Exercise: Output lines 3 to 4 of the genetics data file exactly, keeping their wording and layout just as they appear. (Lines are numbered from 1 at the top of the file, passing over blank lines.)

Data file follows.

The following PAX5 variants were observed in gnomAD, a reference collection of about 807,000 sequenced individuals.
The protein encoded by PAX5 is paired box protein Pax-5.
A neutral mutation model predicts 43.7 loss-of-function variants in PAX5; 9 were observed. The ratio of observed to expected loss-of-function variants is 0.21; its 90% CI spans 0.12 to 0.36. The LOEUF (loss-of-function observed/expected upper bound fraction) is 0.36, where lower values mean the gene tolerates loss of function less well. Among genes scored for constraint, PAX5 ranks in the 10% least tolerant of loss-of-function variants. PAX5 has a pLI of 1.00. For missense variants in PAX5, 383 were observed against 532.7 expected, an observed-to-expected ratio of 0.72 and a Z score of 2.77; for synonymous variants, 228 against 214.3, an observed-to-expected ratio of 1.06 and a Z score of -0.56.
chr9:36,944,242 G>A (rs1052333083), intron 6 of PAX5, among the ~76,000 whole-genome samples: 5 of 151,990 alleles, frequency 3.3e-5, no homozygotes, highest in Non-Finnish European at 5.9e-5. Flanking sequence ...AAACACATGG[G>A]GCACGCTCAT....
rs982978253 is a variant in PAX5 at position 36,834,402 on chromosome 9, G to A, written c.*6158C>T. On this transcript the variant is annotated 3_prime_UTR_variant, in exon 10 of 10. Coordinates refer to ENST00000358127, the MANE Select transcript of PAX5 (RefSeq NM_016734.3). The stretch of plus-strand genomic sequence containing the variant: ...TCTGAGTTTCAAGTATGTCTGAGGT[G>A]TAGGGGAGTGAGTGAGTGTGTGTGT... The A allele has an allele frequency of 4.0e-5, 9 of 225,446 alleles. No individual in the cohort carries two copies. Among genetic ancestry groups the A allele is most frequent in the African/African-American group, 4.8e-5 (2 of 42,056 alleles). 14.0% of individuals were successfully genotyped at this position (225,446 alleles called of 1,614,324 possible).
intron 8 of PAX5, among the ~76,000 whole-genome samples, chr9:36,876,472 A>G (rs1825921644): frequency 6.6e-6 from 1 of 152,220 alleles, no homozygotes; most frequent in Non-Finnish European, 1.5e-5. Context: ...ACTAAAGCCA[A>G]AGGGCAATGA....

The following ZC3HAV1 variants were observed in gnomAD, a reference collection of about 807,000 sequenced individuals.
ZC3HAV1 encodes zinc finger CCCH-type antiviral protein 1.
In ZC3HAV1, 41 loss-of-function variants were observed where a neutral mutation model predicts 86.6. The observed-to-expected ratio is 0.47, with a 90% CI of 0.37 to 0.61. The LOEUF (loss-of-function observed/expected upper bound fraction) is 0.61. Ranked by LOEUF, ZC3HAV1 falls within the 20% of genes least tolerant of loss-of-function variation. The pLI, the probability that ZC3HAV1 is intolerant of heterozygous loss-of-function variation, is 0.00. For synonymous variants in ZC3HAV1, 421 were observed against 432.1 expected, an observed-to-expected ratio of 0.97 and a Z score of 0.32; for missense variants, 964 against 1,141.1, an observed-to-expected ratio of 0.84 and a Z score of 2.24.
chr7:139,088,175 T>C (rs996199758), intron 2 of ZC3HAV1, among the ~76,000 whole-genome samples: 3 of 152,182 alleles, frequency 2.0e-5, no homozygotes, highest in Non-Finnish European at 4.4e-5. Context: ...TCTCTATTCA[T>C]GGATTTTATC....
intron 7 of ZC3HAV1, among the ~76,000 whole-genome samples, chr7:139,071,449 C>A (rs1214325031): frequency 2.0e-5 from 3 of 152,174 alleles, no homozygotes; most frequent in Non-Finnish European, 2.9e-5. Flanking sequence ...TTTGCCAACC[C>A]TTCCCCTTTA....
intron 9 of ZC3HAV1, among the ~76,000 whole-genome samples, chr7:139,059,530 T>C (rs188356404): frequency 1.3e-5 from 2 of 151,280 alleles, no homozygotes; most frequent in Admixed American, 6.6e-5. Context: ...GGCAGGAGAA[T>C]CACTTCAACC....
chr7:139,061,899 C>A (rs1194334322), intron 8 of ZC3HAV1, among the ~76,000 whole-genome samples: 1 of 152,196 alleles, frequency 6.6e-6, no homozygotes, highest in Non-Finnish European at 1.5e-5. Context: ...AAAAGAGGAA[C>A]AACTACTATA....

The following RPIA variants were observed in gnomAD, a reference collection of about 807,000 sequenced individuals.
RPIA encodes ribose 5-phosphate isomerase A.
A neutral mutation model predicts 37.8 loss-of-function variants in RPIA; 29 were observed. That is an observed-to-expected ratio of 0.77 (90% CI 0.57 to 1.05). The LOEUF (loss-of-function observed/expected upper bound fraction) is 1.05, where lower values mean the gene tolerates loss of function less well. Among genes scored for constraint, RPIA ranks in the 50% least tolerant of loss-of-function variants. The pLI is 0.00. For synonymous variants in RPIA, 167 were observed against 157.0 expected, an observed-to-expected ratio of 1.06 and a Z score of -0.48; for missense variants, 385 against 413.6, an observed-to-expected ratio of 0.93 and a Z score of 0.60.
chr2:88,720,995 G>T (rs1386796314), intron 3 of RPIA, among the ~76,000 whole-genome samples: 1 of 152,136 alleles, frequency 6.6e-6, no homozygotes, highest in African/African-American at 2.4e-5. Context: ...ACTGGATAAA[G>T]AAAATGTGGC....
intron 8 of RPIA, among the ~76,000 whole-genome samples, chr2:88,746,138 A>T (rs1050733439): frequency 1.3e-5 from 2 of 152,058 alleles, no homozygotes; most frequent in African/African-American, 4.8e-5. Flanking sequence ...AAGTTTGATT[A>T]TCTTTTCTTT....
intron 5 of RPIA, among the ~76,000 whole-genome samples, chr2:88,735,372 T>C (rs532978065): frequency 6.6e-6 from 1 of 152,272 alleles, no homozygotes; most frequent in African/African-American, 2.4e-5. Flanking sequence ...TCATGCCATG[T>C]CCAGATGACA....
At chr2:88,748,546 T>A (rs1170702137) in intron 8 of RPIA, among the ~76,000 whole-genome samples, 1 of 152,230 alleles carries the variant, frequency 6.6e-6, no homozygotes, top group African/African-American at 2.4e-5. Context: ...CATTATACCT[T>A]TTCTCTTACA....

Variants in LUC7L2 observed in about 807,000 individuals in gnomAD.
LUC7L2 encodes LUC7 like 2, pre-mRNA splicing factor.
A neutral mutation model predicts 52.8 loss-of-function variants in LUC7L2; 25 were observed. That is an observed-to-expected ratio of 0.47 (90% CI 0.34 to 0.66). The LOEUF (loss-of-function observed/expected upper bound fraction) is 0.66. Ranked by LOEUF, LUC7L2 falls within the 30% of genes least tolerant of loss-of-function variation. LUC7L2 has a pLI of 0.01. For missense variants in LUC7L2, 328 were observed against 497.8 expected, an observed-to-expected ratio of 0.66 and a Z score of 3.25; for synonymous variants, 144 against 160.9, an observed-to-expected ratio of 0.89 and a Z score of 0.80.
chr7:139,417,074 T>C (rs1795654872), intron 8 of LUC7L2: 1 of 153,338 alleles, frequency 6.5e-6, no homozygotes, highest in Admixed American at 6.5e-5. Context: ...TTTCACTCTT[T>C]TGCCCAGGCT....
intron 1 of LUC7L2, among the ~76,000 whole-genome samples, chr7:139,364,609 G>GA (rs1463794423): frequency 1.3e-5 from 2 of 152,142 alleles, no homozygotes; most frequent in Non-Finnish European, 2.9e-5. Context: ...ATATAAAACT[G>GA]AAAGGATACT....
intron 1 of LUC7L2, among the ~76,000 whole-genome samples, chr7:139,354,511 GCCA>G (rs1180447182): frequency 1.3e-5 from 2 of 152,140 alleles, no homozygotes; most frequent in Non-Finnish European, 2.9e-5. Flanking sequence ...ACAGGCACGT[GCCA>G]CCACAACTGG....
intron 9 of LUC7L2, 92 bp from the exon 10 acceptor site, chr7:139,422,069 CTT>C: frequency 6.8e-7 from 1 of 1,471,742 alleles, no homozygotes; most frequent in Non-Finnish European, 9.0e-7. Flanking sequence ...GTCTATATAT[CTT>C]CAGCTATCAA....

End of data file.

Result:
A neutral mutation model predicts 43.7 loss-of-function variants in PAX5; 9 were observed. The ratio of observed to expected loss-of-function variants is 0.21; its 90% CI spans 0.12 to 0.36. The LOEUF (loss-of-function observed/expected upper bound fraction) is 0.36, where lower values mean the gene tolerates loss of function less well. Among genes scored for constraint, PAX5 ranks in the 10% least tolerant of loss-of-function variants. PAX5 has a pLI of 1.00. For missense variants in PAX5, 383 were observed against 532.7 expected, an observed-to-expected ratio of 0.72 and a Z score of 2.77; for synonymous variants, 228 against 214.3, an observed-to-expected ratio of 1.06 and a Z score of -0.56.
chr9:36,944,242 G>A (rs1052333083), intron 6 of PAX5, among the ~76,000 whole-genome samples: 5 of 151,990 alleles, frequency 3.3e-5, no homozygotes, highest in Non-Finnish European at 5.9e-5. Flanking sequence ...AAACACATGG[G>A]GCACGCTCAT....